Sharing Responsibility

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I’ve been an environmental campaigner for many years and have long had reservations about the wisdom of continuing to rely on coal for energy when the destructive effects of doing so are well-understood, and when there are so many preferable alternatives. To my mind, the coal mining industry is hard-pressed to justify its continued existence, let alone expansion.

So you can imagine my horror then when I inherited some shares in the Australian coal mining company Centennial Coal.

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Just before I acquired the shares, I had read about a courageous activist, Peter Gray, who was taking the Minister and Director-General of the NSW Planning Department to court in order to challenge the Environmental Assessment Impact Statement for the proposed Anvil Hill coal mine in the Hunter Valley.

‘Centennial Coal?’ That name looked familiar. ‘Oh no,’ I groaned, as recognition dawned that they were the owners of Anvil Hill. I wanted to sell the shares, but first, perhaps I could agitate for change from my unique position as a shareholder.

Soon after, I received a letter from Centennial’s Managing Director urging shareholders to write in support of the Anvil Hill project to the Department of Planning, which was still accepting submissions on the project. ‘Your support will both assist Centennial and ensure a sustainable coal industry,’ he wrote.

I did write a letter to the NSW Planning Department as a shareholder, but argued that the Anvil Hill project be scrapped because of the greenhouse contribution of burning coal. I felt that Australia should be starting to reduce its dependence on coal, whether for local use or export. I sent a copy of my objection to the Managing Director, saying that I meant him no disrespect, but that my letter was probably not what he had in mind. I urged him to steer ‘our’ company on a more ethical and socially and environmentally responsible course.

To emphasise my point, in November I embarked on a pilgrimage to Centennial Coal’s Annual General Meeting in Sydney. I donned a dull grey suit and jewelry, courtesy of my local op shop, and the most excruciatingly painful semi-high heeled shoes. I envied the comfortable clothing of the colourful crowd of protesters gathered outside the Menzies Hotel in Carrington Street.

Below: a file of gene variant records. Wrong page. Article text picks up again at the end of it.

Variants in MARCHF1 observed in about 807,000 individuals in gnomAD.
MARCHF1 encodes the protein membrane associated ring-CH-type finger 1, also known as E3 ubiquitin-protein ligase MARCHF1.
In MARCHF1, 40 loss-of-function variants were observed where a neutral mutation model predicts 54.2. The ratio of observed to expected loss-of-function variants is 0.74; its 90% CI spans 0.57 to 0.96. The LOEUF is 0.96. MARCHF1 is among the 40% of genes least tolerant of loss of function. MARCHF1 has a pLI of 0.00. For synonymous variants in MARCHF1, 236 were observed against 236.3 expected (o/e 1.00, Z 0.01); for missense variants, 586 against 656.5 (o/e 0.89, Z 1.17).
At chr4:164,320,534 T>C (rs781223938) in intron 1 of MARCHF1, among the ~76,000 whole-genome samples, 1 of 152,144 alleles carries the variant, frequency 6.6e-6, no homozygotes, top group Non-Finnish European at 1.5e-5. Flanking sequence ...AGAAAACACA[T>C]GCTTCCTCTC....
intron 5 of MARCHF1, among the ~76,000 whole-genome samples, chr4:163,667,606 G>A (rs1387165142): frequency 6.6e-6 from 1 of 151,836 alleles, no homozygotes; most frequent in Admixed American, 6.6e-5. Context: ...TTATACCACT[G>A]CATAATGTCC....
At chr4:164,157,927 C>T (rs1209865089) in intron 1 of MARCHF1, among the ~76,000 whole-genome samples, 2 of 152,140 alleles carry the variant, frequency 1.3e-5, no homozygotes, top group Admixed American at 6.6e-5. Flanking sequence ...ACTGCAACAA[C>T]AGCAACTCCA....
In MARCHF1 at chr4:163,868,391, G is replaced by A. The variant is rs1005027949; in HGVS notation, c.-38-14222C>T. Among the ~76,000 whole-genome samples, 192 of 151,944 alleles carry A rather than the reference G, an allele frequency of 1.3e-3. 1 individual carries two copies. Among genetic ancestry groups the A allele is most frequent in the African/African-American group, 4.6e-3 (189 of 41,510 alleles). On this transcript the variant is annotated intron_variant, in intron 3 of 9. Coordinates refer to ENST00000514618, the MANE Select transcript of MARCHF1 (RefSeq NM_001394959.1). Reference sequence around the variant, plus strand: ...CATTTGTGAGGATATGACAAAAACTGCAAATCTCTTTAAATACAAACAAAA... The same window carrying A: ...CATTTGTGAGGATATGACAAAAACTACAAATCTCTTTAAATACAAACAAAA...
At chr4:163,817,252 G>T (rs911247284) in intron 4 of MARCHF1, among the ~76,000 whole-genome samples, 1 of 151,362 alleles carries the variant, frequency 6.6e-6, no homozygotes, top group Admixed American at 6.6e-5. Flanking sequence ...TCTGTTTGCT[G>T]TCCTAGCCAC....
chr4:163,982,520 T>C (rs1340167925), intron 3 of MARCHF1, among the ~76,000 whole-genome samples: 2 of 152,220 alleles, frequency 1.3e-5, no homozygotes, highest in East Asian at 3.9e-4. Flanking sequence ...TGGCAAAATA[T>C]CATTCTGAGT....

‘Do you have children?’ one young woman asked.

‘Yes, I do,’ I said.

‘Well, what do they think about climate change?’ she asked.

‘They’re very worried about it, and so am I,’ I answered.

‘Well, what are you doing with shares in this company?’ she asked, perplexed.

‘Good question,’ I answered, ‘I can’t tell you now, but you can be sure I’ll pass on your concerns at the meeting.’

Once inside, I was directed to a downstairs room. Not long after, the Chairman began his welcoming speech, there was a noisy ruckus coming from a side exit. Lots of demonstrators wearing ‘Save Anvil Hill’ T-shirts had broken into the room. One demonstrator grabbed the microphone, and began reading from the Stern Report. Two people held a banner in front of the projection screen, to good effect. Another protestor filmed the shareholders.

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There was a lot of booing and hooting from the shareholders, particularly from those in the front. Security personnel hustled most of the demonstrators out, but one man was tackled roughly to the floor. I got up from my chair and stood near him. Another woman and I complained about the level of brutality. ‘Get those thugs out of here,’ I finally shouted to the Chairman, indicating the security people. Some people shouted at me: ‘They are plain-clothed police!’

I shouted back ‘Well get them out. This is a private meeting!’ People laughed.